Shadow Of The Sun – Monument

Former Reasoning guitarist Dylan Thompson returns with some prog-tinged hard rock/metal with guitars that go up to Eleven. A record that’s only been out a few days and I’ve only given a handful of listens. But that’s enough convince me it belongs on this list.

Howard SinclairThe Delicious Company of Freaks

Lyric-driven semi-acoustic balladry from the Bristol-based singer-songwriter who supported Panic Room on their November tour. Some memorable songs, with one high point being the spellbinding “These Dark Hills” sung as a duet with Panic Room’s Anne-Marie Helder.

SquackettA Life Within A Day

Two of the most distinctive instrumentalists in the prog-rock world combine their talents for a polished and song-focussed album. At times this collaboration sounds like Steve Hackett with a different bassist, at times it’s Yes with different guitars and vocals. “The Tall Ships” with it’s bass groove and soaring vocal harmonies is a particular highlight.

"I fireball the gazebo"Winter in EdenEchoes of Betrayal

With a great vocalist in Vicky Johnson, the Durham-based band prove if the songwriting is good enough it’s possible to do female-fronted symphonic metal without needing the choirs, orchestras and kitchen sinks of the more extravagant European bands.

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Sankara – Guided By Degrees

Sankara Guided By Degrees CD ArtworkSankara, the rock band formed from former members of The Reasoning and The Bluehorses are about to release the debut full-length album. They’re having an official launch on 17th November at The Buffalo Bar in Cardiff. I’ve reviewed the album, titled “Guided by Degrees” over on Trebuchet Magazine.  As I say in the review, it’s a solid piece of work, which ought to establish Sankara as a band who mean business.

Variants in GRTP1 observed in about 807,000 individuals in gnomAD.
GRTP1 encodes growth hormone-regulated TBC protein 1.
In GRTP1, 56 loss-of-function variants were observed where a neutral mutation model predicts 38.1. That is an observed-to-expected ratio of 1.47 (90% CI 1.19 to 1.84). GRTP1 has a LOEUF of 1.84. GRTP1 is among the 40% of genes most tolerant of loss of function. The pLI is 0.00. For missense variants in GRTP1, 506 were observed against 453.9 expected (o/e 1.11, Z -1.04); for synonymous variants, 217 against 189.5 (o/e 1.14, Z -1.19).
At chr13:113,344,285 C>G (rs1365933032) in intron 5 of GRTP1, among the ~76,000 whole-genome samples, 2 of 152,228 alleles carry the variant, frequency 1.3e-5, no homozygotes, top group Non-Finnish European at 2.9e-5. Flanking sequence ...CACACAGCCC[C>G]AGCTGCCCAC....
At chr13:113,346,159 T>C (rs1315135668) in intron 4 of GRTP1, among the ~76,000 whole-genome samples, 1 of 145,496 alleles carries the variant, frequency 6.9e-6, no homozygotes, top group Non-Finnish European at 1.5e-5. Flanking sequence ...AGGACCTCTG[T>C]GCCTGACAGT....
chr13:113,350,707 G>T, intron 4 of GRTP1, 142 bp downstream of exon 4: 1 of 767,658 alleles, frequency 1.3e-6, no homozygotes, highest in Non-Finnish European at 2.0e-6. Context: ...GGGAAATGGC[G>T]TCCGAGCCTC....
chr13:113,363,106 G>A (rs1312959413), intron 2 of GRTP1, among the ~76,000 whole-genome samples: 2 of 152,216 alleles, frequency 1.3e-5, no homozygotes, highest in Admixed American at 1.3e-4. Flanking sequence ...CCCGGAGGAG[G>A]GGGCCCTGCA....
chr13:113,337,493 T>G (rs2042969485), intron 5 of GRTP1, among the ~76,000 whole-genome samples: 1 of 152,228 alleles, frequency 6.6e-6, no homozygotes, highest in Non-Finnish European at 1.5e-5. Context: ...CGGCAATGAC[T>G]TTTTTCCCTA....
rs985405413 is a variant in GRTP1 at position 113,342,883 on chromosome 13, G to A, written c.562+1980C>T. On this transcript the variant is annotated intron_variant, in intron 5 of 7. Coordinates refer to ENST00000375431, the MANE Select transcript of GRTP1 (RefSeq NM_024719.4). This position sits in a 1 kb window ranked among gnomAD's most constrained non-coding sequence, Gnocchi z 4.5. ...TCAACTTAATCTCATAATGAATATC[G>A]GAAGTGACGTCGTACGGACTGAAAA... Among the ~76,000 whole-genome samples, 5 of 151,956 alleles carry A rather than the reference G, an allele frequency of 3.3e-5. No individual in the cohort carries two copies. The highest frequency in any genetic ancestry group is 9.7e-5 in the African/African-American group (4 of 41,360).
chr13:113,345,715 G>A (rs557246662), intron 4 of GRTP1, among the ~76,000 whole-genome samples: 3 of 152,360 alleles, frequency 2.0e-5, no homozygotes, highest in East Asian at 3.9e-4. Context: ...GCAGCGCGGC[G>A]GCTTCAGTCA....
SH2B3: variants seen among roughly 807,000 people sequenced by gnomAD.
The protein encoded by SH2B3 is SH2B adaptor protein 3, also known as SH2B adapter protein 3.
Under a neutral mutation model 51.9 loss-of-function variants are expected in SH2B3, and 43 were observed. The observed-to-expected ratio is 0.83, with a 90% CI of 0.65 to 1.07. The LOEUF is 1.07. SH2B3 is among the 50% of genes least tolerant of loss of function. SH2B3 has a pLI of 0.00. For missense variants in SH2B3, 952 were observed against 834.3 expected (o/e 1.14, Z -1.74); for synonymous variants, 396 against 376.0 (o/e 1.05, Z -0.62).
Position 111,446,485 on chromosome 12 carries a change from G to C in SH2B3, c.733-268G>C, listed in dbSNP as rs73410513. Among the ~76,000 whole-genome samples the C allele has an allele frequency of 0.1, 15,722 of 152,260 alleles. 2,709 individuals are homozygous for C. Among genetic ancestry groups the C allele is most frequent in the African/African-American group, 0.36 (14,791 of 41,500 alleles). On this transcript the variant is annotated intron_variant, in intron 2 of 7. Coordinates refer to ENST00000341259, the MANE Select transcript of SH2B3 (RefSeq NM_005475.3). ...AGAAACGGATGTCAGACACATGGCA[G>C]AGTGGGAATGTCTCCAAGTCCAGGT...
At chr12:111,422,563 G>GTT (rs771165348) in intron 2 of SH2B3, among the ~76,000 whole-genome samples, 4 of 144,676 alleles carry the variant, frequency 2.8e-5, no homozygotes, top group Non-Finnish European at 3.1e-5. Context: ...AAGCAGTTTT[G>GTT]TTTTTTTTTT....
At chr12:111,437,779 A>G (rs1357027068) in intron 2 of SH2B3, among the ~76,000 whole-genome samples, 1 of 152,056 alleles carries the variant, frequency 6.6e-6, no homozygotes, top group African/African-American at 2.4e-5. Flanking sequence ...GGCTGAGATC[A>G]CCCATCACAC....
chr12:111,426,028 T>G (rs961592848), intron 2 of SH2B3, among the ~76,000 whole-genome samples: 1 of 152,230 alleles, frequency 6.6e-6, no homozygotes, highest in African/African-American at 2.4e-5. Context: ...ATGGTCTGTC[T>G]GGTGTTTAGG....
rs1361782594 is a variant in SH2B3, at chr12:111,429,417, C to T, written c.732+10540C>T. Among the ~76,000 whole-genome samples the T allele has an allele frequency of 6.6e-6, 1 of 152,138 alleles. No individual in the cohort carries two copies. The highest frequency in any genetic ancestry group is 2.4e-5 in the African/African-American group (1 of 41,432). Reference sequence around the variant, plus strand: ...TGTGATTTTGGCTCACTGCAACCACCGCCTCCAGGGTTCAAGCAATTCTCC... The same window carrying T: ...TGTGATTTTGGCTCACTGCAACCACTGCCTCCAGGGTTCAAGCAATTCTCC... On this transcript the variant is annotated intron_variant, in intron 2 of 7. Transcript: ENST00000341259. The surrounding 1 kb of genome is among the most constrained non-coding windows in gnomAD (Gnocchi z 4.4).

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The Cambridge Rock Festival

My review of the weekend is now up on Trebuchet Magazine, here are a few of my photos from the weekend.

Virgil and the Accellerators at the 2012 Cambridge Rock Festival

Virgil and the Accellerators were an early highlight, playing some guitar-shredding electric blues.

The Heather Findlay Band at the 2012 Cambridge Rock Festival

Heather Findlay played her first full band gig on a big stage since November last year, and went down a storm.

Sankara at the 2012 Cambridge Rock Festival

Sankara, fronted by Gareth Jones, formerly of The Reasoning played the CRS stage, and made a strong impression with their mix of hard rock, metal and AOR.

WInter in Eden at the 2012 Cambridge Rock Festival

Winter in Eden, fronted by Vicky Johnson, played an absolute blinder as special guests on the CRS stage.

SIlverjet at the 2012 Cambridge Rock Festival

Silverjet. Because first thing in the morning, some back to basics rock and roll is what a festival needs.